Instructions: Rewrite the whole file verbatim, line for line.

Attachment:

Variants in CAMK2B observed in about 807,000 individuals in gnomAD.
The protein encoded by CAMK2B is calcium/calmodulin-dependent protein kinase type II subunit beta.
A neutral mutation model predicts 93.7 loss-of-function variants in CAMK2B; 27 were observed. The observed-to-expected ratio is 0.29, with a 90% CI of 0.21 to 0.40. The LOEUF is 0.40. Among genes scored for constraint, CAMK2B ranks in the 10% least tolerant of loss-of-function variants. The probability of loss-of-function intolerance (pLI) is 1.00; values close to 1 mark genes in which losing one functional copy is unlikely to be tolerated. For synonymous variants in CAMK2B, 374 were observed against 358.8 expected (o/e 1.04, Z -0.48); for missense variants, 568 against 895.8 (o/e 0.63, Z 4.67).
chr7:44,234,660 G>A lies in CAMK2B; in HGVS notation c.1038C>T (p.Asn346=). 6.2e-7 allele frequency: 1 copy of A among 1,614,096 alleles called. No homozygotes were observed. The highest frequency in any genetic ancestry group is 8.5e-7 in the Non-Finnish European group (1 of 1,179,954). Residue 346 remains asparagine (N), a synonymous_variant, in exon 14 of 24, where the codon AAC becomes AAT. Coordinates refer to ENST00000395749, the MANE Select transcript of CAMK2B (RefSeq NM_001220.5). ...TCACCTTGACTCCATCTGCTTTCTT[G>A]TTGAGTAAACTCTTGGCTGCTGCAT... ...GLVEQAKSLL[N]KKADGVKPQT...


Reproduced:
Variants in CAMK2B observed in about 807,000 individuals in gnomAD.
The protein encoded by CAMK2B is calcium/calmodulin-dependent protein kinase type II subunit beta.
A neutral mutation model predicts 93.7 loss-of-function variants in CAMK2B; 27 were observed. The observed-to-expected ratio is 0.29, with a 90% CI of 0.21 to 0.40. The LOEUF is 0.40. Among genes scored for constraint, CAMK2B ranks in the 10% least tolerant of loss-of-function variants. The probability of loss-of-function intolerance (pLI) is 1.00; values close to 1 mark genes in which losing one functional copy is unlikely to be tolerated. For synonymous variants in CAMK2B, 374 were observed against 358.8 expected (o/e 1.04, Z -0.48); for missense variants, 568 against 895.8 (o/e 0.63, Z 4.67).
chr7:44,234,660 G>A lies in CAMK2B; in HGVS notation c.1038C>T (p.Asn346=). 6.2e-7 allele frequency: 1 copy of A among 1,614,096 alleles called. No homozygotes were observed. The highest frequency in any genetic ancestry group is 8.5e-7 in the Non-Finnish European group (1 of 1,179,954). Residue 346 remains asparagine (N), a synonymous_variant, in exon 14 of 24, where the codon AAC becomes AAT. Coordinates refer to ENST00000395749, the MANE Select transcript of CAMK2B (RefSeq NM_001220.5). ...TCACCTTGACTCCATCTGCTTTCTT[G>A]TTGAGTAAACTCTTGGCTGCTGCAT... ...GLVEQAKSLL[N]KKADGVKPQT...